Standing Room Only…

One of the things that really struck me in moving over here was the whole low cost travel thing – you know the pay £20 to fight the hoards to get to a(n unallocated) seat only to find no room in the overhead compartments and a simply foul cup of coffee costs you an arm and a leg.

Bloody bonkas, I remember thinking, who would actually do this?

It would seem quite a lot (including me on the odd occasion). 

But I’ve seen everything now…

Called The Skyrider, one literally ‘saddles up’ for the duration of their inflight tenancy and enjoys just 23 inches of legroom – 7 inches LESS legroom than the average aircraft seat offers. That’s shorter than 2 normal-sized rulers!

And apparently there’s storage space….baaahaahaaa!

But I laughed the loudest at the quote from the manufacturer, Avio Interiors Group:

The seat…is like a saddle.  Cowboys ride eight hours on their horses during the day and still feel comfortable in the saddle.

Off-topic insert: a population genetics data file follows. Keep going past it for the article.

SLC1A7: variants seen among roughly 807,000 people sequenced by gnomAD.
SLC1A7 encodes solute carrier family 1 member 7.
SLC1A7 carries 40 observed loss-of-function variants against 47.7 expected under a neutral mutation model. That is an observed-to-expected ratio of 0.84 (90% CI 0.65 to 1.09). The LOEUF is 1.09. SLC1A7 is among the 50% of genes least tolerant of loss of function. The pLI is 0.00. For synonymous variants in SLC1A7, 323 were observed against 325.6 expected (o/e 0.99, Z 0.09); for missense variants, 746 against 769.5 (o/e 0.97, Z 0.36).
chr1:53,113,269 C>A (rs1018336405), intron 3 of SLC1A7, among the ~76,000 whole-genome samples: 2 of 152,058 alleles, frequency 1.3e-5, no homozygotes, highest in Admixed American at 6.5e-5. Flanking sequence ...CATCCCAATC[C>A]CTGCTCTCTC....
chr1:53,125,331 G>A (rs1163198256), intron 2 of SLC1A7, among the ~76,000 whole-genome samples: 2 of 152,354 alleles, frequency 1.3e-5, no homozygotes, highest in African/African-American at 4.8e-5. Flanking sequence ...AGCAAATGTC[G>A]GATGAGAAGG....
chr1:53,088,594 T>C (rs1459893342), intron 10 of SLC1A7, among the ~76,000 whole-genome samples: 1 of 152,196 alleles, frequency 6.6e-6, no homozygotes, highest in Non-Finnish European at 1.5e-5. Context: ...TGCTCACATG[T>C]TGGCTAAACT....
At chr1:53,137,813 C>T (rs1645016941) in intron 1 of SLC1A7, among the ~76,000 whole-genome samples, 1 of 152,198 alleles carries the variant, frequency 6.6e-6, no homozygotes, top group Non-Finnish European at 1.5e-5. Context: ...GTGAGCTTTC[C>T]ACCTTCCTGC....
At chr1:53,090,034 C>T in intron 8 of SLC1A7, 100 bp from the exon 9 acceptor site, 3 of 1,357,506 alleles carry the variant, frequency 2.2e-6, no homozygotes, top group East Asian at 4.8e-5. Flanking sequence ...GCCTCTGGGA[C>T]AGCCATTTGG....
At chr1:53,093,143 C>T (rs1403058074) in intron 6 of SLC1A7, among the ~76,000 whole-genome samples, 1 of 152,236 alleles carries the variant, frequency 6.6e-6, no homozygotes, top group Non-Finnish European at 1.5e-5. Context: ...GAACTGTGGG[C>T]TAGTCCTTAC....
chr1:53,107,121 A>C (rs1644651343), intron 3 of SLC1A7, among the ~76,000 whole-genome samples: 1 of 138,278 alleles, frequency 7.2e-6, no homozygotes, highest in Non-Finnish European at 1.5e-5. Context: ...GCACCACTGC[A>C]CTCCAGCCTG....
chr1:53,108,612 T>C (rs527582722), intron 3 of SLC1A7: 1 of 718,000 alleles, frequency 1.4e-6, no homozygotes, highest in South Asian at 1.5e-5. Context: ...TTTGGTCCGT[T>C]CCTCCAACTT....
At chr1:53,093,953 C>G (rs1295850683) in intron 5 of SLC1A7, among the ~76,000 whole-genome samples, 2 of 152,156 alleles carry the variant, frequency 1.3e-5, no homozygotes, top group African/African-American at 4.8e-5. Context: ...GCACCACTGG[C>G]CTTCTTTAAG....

Yeah right! I usually leave my chaps and spurs at home and anyway, have you seen the way those cowboys walk?

Here’s what some others had to say…

Never say never…but really, would you pay for this?

4 thoughts on “Standing Room Only…

  1. In the U.S.A., too, the movement is towards coach seats that don't recline so that the airlines can squeeze rows closer together. No-recline Airbus A320s have 178 seats compared with 150 seats on the regular A320s. But the planes with more seats have the same number of overhead bins. More people therefore have to check on their bags–and pay for this. Soon they'll have to pay fees for carry-ons as well, with one of the airlines over here announcing it intends to charge up to $45 per passenger. This is despite consumer outrage, Congressional scorn (a bill has now been introduced in Congress to outlaw carry-on baggage fees), and federal investigation into whether airlines are properly disclosing their fees to consumers.

    I abhor all of these trends that make life so much harder for us travelers, but I suppose in the airlines' defense, it's a tough business. Apparently, these baggage fees have become crucial to their bottom lines, dating from when the industry faced the double whammy of recession and high oil prices.

    Like

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